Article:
Microchips can help save lost pets | SummitDaily.com

Microchips can help save lost pets

JULIE SUTORsummit daily news
Summit Daily/Brad Odekirk With an area of fur shaved just below the scruff of the neck - an area about the size of a quarter - animal shelter employee Traci Bratton injects a micro-chip into Aspen with a syringe.

SUMMIT COUNTY – Coming home to an empty house can be a pet-owner’s worst nightmare. But modern technology can sometimes come to the rescue.In recent years, animal owners across the country have been able to identify their pets with microchips. Each chip contains a serial number that links to the owner’s contact information in a national database.”This is absolutely the best process whereby an animal can be reunited with its owner,” said Summit County Animal Shelter (SCAS) director Nancy Ring. “It can prevent euthanasia or adoption of an animal that is believed to be unwanted, but is actually lost.”SCAS finds owners of lost animals through microchips about once a month.

“The advantage is that you can’t lose the microchip. Odds are, the chip will outlast the life of the animal,” Ring said.Ring said she expects to see microchips within the next 10 years that can coordinate with global positioning systems (GPS) and store medical information.Microchip implantation is a minor procedure and costs about $40. Animal-care professionals can insert the rice-grain-size chip just under an animal’s skin with a large-gauge needle.”The chips are inserted near the back of the neck right above the shoulder blade. It’s kind of like a bug bite for the animal at first, but they don’t continually notice it,” Ring said.Unfortunately, a new brand of microchips introduced in late 2003 is far less effective in reuniting lost pets with their owners.

Banfield, The Pet Hospital recently began implanting microchips which cannot be read by scanners now in use by most veterinarians and animal shelters. The new chips require a different scanner specific to the signal frequency they emit.”Though Banfield has been stating publicly that it is making scanners available to shelters across the country, the process is moving at a very slow pace,” read a statement issued last week by the Colorado Veterinary Medical Association. “In the meantime, animals are at risk, and owners may have a false sense of security thinking their animals are safe.”SCAS has scanners that read the two other brands of pet microchips on the market, but does not have a scanner that reads the Banfield chips.”There really is no microchip manufacturer that has provided a scanner that can detect all available microchips,” Ring said. “The technology is there, but they want to do their own thing for profit.”Microchips implanted in 2003 or earlier are generally readable by most shelters, but the only way pet owners can find out for sure is by calling their local facility.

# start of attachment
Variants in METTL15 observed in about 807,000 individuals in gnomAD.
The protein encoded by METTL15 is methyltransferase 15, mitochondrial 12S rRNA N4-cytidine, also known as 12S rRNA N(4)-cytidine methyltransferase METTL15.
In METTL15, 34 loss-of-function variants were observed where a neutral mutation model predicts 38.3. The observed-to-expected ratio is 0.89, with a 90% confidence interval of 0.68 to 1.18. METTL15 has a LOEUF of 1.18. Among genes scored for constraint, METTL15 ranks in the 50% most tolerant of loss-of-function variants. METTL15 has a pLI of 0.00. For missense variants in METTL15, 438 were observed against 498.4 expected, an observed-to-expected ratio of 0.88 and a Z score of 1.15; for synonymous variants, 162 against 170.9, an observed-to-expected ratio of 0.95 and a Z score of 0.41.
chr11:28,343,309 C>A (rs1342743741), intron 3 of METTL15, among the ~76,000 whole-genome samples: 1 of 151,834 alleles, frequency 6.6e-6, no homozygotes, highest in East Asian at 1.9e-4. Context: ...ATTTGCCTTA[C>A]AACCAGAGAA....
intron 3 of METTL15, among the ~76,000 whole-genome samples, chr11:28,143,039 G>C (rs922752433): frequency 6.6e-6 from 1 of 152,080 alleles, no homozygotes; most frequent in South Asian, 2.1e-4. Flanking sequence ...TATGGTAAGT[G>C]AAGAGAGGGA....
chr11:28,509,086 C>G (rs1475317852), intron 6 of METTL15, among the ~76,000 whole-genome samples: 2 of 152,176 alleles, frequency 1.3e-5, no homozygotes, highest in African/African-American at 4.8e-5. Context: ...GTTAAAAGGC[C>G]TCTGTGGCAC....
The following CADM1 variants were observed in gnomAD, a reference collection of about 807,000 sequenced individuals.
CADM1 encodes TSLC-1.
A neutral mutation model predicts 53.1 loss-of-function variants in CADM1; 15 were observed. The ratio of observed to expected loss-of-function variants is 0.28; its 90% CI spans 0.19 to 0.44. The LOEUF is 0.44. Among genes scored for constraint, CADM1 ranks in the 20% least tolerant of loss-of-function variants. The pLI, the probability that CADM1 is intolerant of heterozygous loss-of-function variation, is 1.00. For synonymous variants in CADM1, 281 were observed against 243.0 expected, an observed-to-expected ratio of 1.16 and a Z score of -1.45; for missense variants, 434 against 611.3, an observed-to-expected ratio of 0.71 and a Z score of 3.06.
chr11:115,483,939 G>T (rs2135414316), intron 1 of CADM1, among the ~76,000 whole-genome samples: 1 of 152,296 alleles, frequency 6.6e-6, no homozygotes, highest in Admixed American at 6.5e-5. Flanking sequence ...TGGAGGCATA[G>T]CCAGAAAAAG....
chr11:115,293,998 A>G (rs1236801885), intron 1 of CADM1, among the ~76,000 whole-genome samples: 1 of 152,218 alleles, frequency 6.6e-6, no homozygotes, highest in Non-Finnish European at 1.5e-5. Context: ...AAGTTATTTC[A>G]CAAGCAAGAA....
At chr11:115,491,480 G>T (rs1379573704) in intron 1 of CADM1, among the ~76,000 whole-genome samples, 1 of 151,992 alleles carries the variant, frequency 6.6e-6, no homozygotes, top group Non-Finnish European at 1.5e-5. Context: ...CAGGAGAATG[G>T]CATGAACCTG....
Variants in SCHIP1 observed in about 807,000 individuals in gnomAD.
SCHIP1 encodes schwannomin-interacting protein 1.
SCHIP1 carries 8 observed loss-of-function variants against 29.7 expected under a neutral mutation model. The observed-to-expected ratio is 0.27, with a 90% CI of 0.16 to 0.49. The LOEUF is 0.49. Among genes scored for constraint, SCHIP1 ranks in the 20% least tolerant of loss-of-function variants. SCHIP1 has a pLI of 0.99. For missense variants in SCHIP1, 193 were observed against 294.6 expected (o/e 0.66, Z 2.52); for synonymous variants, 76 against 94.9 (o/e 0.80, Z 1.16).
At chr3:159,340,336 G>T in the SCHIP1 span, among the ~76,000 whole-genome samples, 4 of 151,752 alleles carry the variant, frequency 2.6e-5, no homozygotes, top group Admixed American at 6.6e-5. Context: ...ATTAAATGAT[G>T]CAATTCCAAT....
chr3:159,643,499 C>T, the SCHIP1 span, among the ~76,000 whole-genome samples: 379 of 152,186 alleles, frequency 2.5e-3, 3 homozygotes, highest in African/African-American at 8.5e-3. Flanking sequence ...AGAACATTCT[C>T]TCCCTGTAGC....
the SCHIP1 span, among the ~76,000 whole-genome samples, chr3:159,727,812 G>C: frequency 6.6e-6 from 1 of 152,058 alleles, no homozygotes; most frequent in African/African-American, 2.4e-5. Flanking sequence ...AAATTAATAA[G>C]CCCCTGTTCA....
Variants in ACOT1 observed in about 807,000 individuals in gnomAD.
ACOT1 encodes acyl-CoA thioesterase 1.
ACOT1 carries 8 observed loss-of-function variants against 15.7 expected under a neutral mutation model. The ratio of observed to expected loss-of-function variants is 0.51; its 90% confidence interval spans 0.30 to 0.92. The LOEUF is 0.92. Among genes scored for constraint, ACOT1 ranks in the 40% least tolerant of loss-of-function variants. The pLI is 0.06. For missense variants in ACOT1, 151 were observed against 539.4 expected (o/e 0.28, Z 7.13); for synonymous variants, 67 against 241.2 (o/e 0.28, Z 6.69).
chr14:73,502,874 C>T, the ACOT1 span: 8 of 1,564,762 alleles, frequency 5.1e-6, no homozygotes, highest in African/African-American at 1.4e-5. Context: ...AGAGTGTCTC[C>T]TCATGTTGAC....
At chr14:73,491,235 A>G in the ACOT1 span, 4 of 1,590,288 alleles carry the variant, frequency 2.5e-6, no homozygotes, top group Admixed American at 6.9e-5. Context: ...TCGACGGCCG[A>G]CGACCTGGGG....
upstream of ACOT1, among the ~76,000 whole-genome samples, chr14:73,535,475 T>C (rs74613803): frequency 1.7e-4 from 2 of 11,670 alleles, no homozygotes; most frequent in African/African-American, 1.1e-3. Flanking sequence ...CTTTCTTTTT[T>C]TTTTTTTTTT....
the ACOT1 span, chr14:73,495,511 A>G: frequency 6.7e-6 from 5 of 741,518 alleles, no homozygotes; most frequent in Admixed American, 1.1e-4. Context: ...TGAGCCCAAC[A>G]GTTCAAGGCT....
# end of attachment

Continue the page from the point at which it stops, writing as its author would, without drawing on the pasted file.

If a pet owner finds that his or her animal’s chip cannot be read by a local shelter, he or she can call the microchip manufacturer and ask that it send at least one scanner to the facility, free of charge.Even with microchips, Ring advocates that pet owners keep traditional identification tags current.”That can help bring an animal back to you more quickly than anything else,” she said.Julie Sutor can be reached at (970) 668-3998 ext. 203 or jsutor@summitdaily.com.

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